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Tourism Employment Issues: Examples from Indonesia

Davies (1979) argued that the formal and informal sectors not only comple-
mented each other but that each needed the other in order to exist and, in fact,
formed a symbiotic relationship. The informal sector depended on formal wages
and demand generated in the formal sector for a great proportion of its markets. It
also depended on the formal sector for supplies of certain inputs. Conversely, the
formal sector depended on the informal sector for low-cost labour and goods and
services (Davies, 1979). Castells and Portes (1989) argued that individual workers
may switch between both the formal and informal activities on a daily basis. In ref-
erence to Southeast Asia, McGee’s (1982) research supported the argument that the
two sectors (formal and informal) supported each other and did not necessarily
compete. The informal sector, which he found to be growing at a faster rate than the
formal sector, filled a niche left empty by the formal sector. Hope (1993) concurred
that, in some developing countries, the formal sector must conduct business with
the informal sector in order to acquire hard currency, basic goods and services, and
to take advantage of the informal sector’s efficient production techniques and
access to inputs. He argued that this linkage of formal with informal could result in
lucrative benefits for workers in the informal sector, a contrast to the widely-held
belief that the informal sector is a highly economically marginalized group. Con-
trasting with this view, Miles-Doan (1992) presented evidence from Jordan in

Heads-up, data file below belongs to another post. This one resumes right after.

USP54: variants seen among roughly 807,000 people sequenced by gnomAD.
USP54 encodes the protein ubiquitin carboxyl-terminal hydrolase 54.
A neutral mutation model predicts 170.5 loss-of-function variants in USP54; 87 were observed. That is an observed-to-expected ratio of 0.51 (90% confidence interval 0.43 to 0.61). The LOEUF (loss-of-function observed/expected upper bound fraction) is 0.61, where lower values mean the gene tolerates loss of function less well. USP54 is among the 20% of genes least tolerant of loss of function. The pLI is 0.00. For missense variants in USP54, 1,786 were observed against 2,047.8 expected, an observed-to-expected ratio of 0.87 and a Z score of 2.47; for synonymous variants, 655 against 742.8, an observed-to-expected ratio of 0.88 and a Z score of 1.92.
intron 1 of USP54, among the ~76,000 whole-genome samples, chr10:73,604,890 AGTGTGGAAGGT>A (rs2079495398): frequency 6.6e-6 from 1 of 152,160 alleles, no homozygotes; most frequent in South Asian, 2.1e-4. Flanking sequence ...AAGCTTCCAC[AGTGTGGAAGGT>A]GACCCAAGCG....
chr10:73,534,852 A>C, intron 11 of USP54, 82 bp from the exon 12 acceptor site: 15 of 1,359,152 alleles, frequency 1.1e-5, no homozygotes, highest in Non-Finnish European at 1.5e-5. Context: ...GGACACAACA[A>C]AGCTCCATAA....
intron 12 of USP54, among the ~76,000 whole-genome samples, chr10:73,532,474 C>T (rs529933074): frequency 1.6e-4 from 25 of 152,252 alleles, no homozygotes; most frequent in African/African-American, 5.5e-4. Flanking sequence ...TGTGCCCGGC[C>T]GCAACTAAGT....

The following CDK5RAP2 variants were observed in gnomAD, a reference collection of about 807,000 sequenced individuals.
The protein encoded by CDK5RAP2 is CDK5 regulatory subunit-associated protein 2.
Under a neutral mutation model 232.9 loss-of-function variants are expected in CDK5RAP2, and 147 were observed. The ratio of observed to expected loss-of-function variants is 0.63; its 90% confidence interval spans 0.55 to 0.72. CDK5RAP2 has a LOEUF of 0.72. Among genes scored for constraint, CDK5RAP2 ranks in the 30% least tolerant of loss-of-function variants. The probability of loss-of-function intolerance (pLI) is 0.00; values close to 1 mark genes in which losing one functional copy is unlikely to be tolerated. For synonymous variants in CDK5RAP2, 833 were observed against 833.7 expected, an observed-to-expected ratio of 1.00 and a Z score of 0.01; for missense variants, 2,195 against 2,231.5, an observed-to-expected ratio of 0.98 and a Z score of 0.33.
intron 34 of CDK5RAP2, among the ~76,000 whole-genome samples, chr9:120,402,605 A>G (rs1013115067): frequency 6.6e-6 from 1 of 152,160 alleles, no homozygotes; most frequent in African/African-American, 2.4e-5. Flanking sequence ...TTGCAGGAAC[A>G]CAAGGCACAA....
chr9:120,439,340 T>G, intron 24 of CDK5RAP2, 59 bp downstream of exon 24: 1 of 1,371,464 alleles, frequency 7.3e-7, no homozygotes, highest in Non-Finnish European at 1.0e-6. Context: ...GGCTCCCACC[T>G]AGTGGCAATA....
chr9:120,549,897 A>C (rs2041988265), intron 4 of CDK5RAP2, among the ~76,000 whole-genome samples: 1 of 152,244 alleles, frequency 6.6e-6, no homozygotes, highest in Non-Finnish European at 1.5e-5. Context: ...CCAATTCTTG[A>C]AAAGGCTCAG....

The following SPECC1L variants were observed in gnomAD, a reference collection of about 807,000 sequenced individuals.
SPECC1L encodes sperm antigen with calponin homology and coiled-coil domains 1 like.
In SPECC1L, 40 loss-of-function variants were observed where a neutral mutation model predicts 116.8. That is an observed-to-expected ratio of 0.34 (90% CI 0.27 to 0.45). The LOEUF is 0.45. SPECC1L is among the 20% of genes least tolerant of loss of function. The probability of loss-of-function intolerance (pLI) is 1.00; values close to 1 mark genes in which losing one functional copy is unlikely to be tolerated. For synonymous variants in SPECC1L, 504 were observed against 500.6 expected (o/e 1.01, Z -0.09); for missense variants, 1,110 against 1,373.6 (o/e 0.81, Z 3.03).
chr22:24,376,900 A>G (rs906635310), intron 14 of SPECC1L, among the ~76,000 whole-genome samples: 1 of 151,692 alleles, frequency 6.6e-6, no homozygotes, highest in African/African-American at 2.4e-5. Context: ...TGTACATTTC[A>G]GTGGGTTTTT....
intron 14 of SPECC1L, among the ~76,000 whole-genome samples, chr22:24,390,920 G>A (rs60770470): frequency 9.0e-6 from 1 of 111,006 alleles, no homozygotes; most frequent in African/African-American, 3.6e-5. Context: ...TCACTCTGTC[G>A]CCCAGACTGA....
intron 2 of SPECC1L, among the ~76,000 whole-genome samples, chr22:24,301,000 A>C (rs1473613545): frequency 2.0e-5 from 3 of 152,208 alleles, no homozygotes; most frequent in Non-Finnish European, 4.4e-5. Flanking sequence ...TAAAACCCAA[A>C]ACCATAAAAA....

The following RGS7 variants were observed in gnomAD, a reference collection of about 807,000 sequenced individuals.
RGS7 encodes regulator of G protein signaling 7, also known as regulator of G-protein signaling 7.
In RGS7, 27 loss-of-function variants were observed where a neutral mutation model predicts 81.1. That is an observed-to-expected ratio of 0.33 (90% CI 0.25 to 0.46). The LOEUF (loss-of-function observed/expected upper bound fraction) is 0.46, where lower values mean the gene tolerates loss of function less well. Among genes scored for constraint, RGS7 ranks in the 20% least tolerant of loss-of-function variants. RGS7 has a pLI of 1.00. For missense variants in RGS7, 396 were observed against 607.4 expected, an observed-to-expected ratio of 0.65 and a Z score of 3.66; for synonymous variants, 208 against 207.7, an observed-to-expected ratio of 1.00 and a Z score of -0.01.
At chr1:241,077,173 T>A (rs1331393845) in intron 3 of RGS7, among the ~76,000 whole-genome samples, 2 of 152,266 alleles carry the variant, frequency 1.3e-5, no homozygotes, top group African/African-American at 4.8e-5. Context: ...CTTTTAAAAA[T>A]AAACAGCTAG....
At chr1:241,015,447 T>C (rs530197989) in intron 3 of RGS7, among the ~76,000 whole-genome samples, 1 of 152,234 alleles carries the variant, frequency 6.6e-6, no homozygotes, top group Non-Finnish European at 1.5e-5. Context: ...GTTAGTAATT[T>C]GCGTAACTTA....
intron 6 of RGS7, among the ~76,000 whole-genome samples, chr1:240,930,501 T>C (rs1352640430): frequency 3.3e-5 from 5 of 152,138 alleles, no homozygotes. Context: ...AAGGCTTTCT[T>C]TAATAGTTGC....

which she found that informal sector workers were often better off financially than
those employed within the formal sector. Chu (1992) found further evidence that
contradicted the ‘marginality thesis’,5 arguing that the income of some informal
sector workers was often higher than that of formal sector workers, the division
between large and small enterprises was often unclear, women, children and mi-
grants were not always over-represented in the informal sector and the same person
may be involved in both sectors simultaneously.
In contrast to traditional employment theory, which stated that the informal
sector would ‘disappear’ as a country achieved ‘development’, more modern views
assert that this dynamic sector should not be simplistically viewed as an economic
role that will vanish with the processes of modernization and urbanization.
Within tourism, as in other industries in developing countries,
the informal sector is a vigorous and notable
element and, thus, efforts should be made to better understand informal participa-
tion in tourism and its relationship to the formal sector. Within the informal sector
there is a growing differential in socioeconomic status among workers. Ebery and
Forbes (1985), for example, argued that some hawkers were acquiring a higher
status than some formal sector employees because their enterprise required skill,
initiative and some capital investment.
The ILO argued that understanding the informal sector provides a key to solving
the increasing problems of employment and inequality in developing countries.
The informal sector generally operates without legal recognition or protection and